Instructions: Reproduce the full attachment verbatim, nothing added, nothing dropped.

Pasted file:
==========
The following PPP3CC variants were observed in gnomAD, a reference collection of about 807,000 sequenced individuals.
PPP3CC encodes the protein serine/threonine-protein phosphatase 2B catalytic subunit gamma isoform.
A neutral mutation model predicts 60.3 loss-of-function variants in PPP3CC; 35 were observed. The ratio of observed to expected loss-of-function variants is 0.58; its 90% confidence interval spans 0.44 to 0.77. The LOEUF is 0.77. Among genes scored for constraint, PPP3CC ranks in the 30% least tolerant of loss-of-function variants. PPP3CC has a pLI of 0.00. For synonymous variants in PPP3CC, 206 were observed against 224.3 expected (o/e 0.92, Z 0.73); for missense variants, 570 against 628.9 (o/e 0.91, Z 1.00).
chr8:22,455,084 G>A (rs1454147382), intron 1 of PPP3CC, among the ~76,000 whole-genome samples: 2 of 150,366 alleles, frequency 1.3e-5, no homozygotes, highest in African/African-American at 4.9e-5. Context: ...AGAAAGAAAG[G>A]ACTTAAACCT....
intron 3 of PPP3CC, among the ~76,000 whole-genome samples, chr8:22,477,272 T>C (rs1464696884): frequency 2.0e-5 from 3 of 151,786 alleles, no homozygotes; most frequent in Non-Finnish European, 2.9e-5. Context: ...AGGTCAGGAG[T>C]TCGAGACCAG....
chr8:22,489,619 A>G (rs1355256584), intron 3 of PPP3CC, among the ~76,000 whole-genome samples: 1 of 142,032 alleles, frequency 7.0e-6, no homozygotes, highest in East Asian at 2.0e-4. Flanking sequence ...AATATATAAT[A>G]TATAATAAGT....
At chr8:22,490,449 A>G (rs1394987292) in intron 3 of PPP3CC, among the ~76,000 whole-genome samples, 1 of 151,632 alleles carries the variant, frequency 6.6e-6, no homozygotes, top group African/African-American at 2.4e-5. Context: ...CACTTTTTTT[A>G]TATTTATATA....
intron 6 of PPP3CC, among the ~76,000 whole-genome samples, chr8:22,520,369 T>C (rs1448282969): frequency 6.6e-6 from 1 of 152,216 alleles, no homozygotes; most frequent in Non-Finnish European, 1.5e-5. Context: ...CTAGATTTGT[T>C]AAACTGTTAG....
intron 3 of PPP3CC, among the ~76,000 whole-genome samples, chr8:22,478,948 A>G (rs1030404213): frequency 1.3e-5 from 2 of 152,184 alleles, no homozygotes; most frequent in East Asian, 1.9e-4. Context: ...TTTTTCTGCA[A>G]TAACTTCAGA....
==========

The following PPP3CC variants were observed in gnomAD, a reference collection of about 807,000 sequenced individuals.
PPP3CC encodes the protein serine/threonine-protein phosphatase 2B catalytic subunit gamma isoform.
A neutral mutation model predicts 60.3 loss-of-function variants in PPP3CC; 35 were observed. The ratio of observed to expected loss-of-function variants is 0.58; its 90% confidence interval spans 0.44 to 0.77. The LOEUF is 0.77. Among genes scored for constraint, PPP3CC ranks in the 30% least tolerant of loss-of-function variants. PPP3CC has a pLI of 0.00. For synonymous variants in PPP3CC, 206 were observed against 224.3 expected (o/e 0.92, Z 0.73); for missense variants, 570 against 628.9 (o/e 0.91, Z 1.00).
chr8:22,455,084 G>A (rs1454147382), intron 1 of PPP3CC, among the ~76,000 whole-genome samples: 2 of 150,366 alleles, frequency 1.3e-5, no homozygotes, highest in African/African-American at 4.9e-5. Context: ...AGAAAGAAAG[G>A]ACTTAAACCT....
intron 3 of PPP3CC, among the ~76,000 whole-genome samples, chr8:22,477,272 T>C (rs1464696884): frequency 2.0e-5 from 3 of 151,786 alleles, no homozygotes; most frequent in Non-Finnish European, 2.9e-5. Context: ...AGGTCAGGAG[T>C]TCGAGACCAG....
chr8:22,489,619 A>G (rs1355256584), intron 3 of PPP3CC, among the ~76,000 whole-genome samples: 1 of 142,032 alleles, frequency 7.0e-6, no homozygotes, highest in East Asian at 2.0e-4. Flanking sequence ...AATATATAAT[A>G]TATAATAAGT....
At chr8:22,490,449 A>G (rs1394987292) in intron 3 of PPP3CC, among the ~76,000 whole-genome samples, 1 of 151,632 alleles carries the variant, frequency 6.6e-6, no homozygotes, top group African/African-American at 2.4e-5. Context: ...CACTTTTTTT[A>G]TATTTATATA....
intron 6 of PPP3CC, among the ~76,000 whole-genome samples, chr8:22,520,369 T>C (rs1448282969): frequency 6.6e-6 from 1 of 152,216 alleles, no homozygotes; most frequent in Non-Finnish European, 1.5e-5. Context: ...CTAGATTTGT[T>C]AAACTGTTAG....
intron 3 of PPP3CC, among the ~76,000 whole-genome samples, chr8:22,478,948 A>G (rs1030404213): frequency 1.3e-5 from 2 of 152,184 alleles, no homozygotes; most frequent in East Asian, 1.9e-4. Context: ...TTTTTCTGCA[A>G]TAACTTCAGA....